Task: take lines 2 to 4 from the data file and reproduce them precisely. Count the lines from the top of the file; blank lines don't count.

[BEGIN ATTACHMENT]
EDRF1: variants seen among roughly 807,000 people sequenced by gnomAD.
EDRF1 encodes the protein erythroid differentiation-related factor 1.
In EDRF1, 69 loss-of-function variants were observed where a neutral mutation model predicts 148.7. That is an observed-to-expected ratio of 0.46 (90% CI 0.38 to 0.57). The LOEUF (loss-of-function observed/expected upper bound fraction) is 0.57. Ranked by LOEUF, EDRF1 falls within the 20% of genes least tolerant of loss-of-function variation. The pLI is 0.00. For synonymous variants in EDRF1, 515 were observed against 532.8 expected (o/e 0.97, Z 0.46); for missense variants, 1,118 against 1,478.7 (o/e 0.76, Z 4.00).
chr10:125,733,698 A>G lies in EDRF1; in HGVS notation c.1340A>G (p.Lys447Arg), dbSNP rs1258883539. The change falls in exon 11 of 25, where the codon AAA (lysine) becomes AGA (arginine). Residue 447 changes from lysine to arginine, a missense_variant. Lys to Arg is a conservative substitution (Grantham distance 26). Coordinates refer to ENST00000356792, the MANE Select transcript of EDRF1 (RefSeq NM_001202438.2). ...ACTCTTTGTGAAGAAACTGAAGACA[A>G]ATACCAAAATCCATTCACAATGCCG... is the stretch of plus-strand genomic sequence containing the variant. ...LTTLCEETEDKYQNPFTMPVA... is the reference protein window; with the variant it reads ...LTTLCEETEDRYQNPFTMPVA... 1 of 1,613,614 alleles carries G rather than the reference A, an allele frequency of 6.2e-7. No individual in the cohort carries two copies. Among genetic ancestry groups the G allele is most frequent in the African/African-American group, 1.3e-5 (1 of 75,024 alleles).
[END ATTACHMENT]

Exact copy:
EDRF1 encodes the protein erythroid differentiation-related factor 1.
In EDRF1, 69 loss-of-function variants were observed where a neutral mutation model predicts 148.7. That is an observed-to-expected ratio of 0.46 (90% CI 0.38 to 0.57). The LOEUF (loss-of-function observed/expected upper bound fraction) is 0.57. Ranked by LOEUF, EDRF1 falls within the 20% of genes least tolerant of loss-of-function variation. The pLI is 0.00. For synonymous variants in EDRF1, 515 were observed against 532.8 expected (o/e 0.97, Z 0.46); for missense variants, 1,118 against 1,478.7 (o/e 0.76, Z 4.00).
chr10:125,733,698 A>G lies in EDRF1; in HGVS notation c.1340A>G (p.Lys447Arg), dbSNP rs1258883539. The change falls in exon 11 of 25, where the codon AAA (lysine) becomes AGA (arginine). Residue 447 changes from lysine to arginine, a missense_variant. Lys to Arg is a conservative substitution (Grantham distance 26). Coordinates refer to ENST00000356792, the MANE Select transcript of EDRF1 (RefSeq NM_001202438.2). ...ACTCTTTGTGAAGAAACTGAAGACA[A>G]ATACCAAAATCCATTCACAATGCCG... is the stretch of plus-strand genomic sequence containing the variant. ...LTTLCEETEDKYQNPFTMPVA... is the reference protein window; with the variant it reads ...LTTLCEETEDRYQNPFTMPVA... 1 of 1,613,614 alleles carries G rather than the reference A, an allele frequency of 6.2e-7. No individual in the cohort carries two copies. Among genetic ancestry groups the G allele is most frequent in the African/African-American group, 1.3e-5 (1 of 75,024 alleles).